By Dr. Moira Drosdovech, DVM
This article might well have been titled The Top 4 Secrets to Spending Less at the Vet! It stands to reason that if you can maintain the health of your pets’ teeth without having them professionally cleaned, you simply spend less!
What exactly are we talking about here that we want to prevent? The condition is known as Periodontal Disease and it is rampant in our pet population.
What does periodontal disease look like? Loose teeth and gum inflammation combined with halitosis and bacterial infection. There are varying grades of this disease with progressive worsening of the condition as we advance from Grade 1 to 4. Many toy dog breeds acquire this condition and end up toothless long before they have reached a ripe old age.
As common at that is for smaller breeds, that does not make it normal by any stretch. However, what is normal for dogs and cats alike is to keep all of their teeth to old age and for there to be minimal gum disease and loose teeth. I have a small Shih tzu cross that is over 13 now and still has every single tooth she started with and has never had to have a professional dental because she keeps her own teeth clean (secret below)!
So what are the secrets to good dental health in pets??
Secret 1: Through smart choices from the very day you bring home your dog or cat! If we choose the right foods and things to chew on when our animals are young and easily conditioned to eat what we offer, then half the battle is won. If you wait until the rot of periodontal disease have set in, it is nearly too late.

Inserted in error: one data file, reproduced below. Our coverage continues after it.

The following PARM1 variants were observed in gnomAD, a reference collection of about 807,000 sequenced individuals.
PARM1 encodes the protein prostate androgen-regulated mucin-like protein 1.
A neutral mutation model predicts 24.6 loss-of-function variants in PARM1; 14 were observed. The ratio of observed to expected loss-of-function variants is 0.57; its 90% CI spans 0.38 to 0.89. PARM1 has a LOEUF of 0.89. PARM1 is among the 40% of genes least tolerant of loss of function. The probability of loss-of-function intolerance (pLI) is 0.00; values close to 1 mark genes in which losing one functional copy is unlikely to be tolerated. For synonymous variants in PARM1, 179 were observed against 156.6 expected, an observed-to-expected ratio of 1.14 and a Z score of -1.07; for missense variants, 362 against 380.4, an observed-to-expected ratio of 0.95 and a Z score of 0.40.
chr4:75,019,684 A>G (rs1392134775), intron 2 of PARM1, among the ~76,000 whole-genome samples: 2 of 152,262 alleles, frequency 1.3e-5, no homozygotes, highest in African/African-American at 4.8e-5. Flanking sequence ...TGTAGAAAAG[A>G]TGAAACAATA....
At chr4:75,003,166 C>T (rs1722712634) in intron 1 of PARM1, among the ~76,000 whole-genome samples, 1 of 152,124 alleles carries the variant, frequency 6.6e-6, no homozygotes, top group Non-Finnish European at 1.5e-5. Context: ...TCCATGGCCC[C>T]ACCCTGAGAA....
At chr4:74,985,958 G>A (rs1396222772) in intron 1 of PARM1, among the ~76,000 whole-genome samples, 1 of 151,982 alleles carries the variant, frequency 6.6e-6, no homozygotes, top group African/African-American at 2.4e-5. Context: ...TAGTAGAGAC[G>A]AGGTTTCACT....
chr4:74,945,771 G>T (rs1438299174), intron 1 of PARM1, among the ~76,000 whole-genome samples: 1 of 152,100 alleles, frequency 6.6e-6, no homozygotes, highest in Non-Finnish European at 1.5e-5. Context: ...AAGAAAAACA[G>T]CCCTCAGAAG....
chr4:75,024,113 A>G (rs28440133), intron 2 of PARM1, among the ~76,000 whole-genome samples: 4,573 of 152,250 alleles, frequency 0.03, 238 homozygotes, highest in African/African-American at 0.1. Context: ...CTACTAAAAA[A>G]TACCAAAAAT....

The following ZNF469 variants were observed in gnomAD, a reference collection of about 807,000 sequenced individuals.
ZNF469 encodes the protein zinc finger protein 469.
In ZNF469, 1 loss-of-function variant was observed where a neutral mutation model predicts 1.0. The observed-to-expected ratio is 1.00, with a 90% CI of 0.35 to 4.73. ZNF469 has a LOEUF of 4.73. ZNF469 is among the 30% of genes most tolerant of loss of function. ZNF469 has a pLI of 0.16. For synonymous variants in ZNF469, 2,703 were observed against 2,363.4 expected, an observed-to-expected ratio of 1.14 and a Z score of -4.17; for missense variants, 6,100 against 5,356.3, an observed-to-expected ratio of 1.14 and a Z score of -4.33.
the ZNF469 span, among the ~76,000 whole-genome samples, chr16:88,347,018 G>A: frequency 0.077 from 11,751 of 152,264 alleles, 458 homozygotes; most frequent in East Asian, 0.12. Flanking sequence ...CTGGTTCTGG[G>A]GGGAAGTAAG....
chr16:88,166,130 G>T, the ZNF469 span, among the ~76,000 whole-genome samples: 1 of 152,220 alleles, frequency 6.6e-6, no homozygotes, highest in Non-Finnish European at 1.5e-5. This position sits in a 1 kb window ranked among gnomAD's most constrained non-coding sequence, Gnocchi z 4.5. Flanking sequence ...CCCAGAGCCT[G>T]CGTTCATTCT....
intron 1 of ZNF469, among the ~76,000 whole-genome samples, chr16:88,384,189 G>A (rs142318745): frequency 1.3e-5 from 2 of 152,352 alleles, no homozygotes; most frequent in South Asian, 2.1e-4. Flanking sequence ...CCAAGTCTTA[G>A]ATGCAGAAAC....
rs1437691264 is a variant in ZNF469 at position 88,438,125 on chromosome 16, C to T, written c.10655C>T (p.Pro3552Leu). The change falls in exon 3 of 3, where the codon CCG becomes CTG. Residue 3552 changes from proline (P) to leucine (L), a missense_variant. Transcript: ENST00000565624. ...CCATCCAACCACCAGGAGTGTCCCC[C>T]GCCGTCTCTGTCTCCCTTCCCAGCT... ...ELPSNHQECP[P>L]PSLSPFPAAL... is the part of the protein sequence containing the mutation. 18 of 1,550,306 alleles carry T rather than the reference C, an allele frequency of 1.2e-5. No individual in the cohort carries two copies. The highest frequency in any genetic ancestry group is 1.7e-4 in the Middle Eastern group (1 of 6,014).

For my clients, that tends to be the raw food diet with raw bones to gnaw on usually starting at as young as 6 weeks old, but certainly by 12 weeks. Dry foods do not clean teeth as is commonly believed. An analogy I often use is that, if indeed that was the case, dentists would be out of business as we could just eat crispy cookies before we go to bed and dispense with the tooth brush!
Secret 2: Regular chewing of items like bones and safe, non-toxic chew sticks that keep your pets’ gums healthy and teeth tartar-free. Regular means a few times weekly!
While not for everyone or every pet, eating and chewing on raw bones is an excellent way to maintain dental health and can even benefit those pets that already have significant tartar buildup or even have some periodontal disease, but not if there are loose teeth.